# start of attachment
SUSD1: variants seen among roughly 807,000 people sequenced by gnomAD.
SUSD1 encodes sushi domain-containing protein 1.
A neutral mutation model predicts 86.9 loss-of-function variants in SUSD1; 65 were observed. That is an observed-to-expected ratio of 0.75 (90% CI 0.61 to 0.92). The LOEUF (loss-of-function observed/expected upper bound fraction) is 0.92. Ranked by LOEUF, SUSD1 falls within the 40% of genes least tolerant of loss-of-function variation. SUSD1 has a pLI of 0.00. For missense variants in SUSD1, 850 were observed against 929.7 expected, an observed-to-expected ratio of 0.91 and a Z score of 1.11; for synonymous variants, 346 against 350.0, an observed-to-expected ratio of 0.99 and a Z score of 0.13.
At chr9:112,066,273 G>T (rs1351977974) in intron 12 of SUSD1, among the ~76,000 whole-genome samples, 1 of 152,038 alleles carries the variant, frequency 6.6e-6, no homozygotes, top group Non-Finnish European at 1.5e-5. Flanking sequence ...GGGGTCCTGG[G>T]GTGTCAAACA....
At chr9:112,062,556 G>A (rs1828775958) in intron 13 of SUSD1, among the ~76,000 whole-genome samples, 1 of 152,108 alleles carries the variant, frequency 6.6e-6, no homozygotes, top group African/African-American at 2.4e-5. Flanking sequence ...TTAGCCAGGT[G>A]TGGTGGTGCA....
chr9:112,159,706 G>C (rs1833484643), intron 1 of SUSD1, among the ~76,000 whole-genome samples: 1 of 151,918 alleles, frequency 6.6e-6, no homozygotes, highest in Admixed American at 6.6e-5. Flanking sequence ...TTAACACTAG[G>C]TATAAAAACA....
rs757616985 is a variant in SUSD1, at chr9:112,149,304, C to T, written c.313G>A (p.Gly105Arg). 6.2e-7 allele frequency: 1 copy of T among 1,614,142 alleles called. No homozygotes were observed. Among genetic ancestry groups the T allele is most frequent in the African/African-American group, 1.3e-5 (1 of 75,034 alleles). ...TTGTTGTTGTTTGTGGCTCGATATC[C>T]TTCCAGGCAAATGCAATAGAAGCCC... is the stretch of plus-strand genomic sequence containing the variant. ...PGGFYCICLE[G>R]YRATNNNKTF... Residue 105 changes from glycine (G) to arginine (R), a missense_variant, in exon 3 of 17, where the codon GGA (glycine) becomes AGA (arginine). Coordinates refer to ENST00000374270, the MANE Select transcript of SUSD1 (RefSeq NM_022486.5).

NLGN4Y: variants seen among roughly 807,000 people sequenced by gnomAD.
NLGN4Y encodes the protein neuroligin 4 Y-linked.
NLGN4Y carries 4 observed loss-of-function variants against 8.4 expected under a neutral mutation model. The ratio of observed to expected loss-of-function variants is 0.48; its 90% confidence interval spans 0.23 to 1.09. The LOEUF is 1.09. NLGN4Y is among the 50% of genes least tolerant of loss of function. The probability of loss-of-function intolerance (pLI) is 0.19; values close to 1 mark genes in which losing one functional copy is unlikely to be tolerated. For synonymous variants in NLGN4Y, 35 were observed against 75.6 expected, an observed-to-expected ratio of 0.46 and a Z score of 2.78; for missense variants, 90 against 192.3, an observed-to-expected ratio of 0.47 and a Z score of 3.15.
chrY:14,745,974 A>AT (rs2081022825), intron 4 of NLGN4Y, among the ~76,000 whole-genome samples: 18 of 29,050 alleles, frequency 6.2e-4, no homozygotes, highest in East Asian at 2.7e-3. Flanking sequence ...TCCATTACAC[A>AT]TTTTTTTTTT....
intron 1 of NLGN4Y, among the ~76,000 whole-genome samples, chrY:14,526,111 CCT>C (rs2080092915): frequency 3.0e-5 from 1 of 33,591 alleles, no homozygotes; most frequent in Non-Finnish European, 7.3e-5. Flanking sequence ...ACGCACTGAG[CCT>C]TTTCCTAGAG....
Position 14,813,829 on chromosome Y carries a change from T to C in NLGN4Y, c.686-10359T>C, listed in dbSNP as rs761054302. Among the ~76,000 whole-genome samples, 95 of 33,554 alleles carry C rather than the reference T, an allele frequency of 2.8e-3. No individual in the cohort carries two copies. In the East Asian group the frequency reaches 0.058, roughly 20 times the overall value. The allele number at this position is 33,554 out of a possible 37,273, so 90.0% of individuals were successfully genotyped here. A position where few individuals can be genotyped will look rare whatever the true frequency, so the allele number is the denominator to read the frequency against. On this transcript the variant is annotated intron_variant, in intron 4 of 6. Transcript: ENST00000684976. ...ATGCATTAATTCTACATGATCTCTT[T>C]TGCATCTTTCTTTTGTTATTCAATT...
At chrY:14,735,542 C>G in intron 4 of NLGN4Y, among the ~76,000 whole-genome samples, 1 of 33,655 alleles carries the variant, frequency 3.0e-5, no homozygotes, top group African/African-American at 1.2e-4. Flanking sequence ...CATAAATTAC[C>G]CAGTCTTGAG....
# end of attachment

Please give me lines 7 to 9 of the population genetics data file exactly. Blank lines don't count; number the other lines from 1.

rs757616985 is a variant in SUSD1, at chr9:112,149,304, C to T, written c.313G>A (p.Gly105Arg). 6.2e-7 allele frequency: 1 copy of T among 1,614,142 alleles called. No homozygotes were observed. Among genetic ancestry groups the T allele is most frequent in the African/African-American group, 1.3e-5 (1 of 75,034 alleles). ...TTGTTGTTGTTTGTGGCTCGATATC[C>T]TTCCAGGCAAATGCAATAGAAGCCC... is the stretch of plus-strand genomic sequence containing the variant. ...PGGFYCICLE[G>R]YRATNNNKTF... Residue 105 changes from glycine (G) to arginine (R), a missense_variant, in exon 3 of 17, where the codon GGA (glycine) becomes AGA (arginine). Coordinates refer to ENST00000374270, the MANE Select transcript of SUSD1 (RefSeq NM_022486.5).

NLGN4Y: variants seen among roughly 807,000 people sequenced by gnomAD.
NLGN4Y encodes the protein neuroligin 4 Y-linked.